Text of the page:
Medical watchdogs have admitted no records exist to trace women given a cancer-causing drug that places future generations at risk.
A synthetic hormone, developed to mimic oestrogen, was given to young mothers to dry up their breast milk after their babies were taken for adoption.
But Diethylstilbestrol – known as DES and Stilbestrol, Stilboestrol and Desplex in the UK – has been linked to a number of breast and vaginal cancers, gynaecological abnormalities and infertility in the children and grandchildren of women given the pills.
And the Royal College of Obstetricians and Gynaecologists recommends those exposed to the drug have annual colposcopic examinations in specialist centres.
But now medical authorities admit there is no way of tracking down women given the drug, or their children.
The Medicines Healthcare and Regulatory Agency said: “In the mid-70s it would not have been possible to track down women who were treated with DES in pregnancy in the 30 years up to that time because no central information system of the drugs prescribed for individuals existed.”
Now forced adoption campaigners are calling for a public awareness campaign to alert the women involved, as well as their children and grandchildren.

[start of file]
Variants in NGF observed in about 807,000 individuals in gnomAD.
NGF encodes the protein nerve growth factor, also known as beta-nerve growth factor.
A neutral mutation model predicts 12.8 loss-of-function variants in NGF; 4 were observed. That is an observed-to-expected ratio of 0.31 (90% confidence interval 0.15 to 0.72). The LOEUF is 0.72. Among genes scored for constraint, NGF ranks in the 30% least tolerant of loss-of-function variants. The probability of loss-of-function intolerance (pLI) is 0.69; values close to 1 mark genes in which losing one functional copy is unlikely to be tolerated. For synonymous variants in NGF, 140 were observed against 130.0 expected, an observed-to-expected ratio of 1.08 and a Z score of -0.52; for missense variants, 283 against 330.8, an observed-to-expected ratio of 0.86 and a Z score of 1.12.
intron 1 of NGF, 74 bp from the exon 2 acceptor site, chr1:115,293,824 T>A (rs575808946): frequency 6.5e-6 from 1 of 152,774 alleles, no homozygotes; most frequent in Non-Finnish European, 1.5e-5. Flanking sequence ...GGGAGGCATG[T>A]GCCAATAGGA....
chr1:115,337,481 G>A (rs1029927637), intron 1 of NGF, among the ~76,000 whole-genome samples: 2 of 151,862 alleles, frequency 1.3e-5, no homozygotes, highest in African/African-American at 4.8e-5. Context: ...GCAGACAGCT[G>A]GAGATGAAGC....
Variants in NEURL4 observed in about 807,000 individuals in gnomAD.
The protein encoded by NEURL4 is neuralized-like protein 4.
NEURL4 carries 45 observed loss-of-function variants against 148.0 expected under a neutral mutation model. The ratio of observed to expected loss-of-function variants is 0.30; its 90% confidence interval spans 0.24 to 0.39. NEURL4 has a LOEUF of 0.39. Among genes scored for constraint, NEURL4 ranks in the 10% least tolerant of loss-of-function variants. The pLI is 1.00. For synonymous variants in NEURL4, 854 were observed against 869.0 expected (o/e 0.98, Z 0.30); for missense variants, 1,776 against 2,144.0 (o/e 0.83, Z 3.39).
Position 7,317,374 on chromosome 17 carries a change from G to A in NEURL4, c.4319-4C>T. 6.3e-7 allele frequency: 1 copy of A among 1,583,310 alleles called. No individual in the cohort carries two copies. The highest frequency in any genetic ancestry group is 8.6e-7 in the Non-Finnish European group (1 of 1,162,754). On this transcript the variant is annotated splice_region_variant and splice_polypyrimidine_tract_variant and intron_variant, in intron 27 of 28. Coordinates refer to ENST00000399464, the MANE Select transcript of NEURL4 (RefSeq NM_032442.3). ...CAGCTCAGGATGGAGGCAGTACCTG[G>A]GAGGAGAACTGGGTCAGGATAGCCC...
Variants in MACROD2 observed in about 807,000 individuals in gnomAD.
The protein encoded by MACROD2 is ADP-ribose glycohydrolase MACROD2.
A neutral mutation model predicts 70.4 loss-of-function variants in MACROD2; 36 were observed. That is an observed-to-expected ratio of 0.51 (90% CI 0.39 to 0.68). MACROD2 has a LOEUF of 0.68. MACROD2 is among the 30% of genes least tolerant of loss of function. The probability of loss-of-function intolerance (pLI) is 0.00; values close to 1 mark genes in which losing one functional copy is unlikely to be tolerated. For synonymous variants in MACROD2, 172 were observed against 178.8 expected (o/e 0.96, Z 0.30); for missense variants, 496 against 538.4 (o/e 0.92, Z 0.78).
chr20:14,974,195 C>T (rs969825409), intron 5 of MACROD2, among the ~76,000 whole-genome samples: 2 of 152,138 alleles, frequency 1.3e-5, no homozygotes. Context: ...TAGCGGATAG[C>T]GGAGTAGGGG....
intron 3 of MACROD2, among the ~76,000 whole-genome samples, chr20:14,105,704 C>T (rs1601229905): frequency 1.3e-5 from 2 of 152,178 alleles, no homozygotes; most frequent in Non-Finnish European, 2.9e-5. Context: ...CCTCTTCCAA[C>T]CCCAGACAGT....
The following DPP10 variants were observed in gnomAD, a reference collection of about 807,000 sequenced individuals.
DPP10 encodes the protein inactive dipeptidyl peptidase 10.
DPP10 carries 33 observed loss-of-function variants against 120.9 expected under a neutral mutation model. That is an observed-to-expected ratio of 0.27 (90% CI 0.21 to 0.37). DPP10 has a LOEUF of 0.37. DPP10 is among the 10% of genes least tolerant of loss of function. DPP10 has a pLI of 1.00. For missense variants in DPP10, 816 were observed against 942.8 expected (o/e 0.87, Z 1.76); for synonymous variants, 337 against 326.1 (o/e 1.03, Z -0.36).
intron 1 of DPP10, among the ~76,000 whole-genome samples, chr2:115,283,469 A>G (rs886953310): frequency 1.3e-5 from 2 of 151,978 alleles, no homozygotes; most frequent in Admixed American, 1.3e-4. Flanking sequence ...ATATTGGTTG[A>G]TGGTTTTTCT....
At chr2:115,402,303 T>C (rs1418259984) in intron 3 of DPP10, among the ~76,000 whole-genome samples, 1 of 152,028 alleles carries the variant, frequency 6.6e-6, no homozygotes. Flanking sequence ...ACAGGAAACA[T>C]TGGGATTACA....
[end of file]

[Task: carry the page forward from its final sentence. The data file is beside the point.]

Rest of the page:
Marion McMillan, 73, from Paisley, Renfrewshire, was one of 60,000 forced adoption victims in Scotland, losing her baby son simply because she was not married.
She said: “The drug Stilbestrol was handed out like sweeties in mother and baby homes.
“There was no attempt to put things in our medical records, and it doesn’t surprise me no files exist.
“But now we’re aware DES causes cancers, reproductive organ defects, infertility and gender issues for our children and grandchildren, a public awareness campaign must happen so everyone exposed can get regular medical check-ups.”
Film-maker Caitlin McCarthy, 50, whose new movie Wonderdrug exposes the dangers and cover-ups, said: “I’m affected by DES because it had been given to my mother during a pregnancy. My doctor recognised the abnormalities in my cervix was as a result.
“The effects of DES are as horrific as Thalidomide, but there’s been silence so very few victims will even realise they were exposed.
“An international awareness campaign is needed as many countries are unaware. I know many children and grandchildren who’ve been affected.”
Australia’s leading forced adoption campaigner, Lily Arthur, said: “Mothers and their children are living with a ticking timebomb.
“The high rate of breast cancer in women today shows it’s not paranoia for us to wonder that we, and future generations, could die from a drug we were exposed to.
“The high instance, effects and use of this drug has yet to be fully explained and exposed. We need to know what to look for in the way of symptoms. This should happen before any apology.”
Politicians from every party have supported calls for a forced adoption apology in Scotland.
Tory MSP Miles Briggs said: “These women and their families need to be informed about the effects of DES.”
Scottish LibDem leadership candidate Alex Cole-Hamilton said: “There is a moral imperative for government to look into this and help these victims urgently.”
The Scottish Government said: “We are seeking guidance from MHRA on what steps would be appropriate to support people adversely affected by this drug.”
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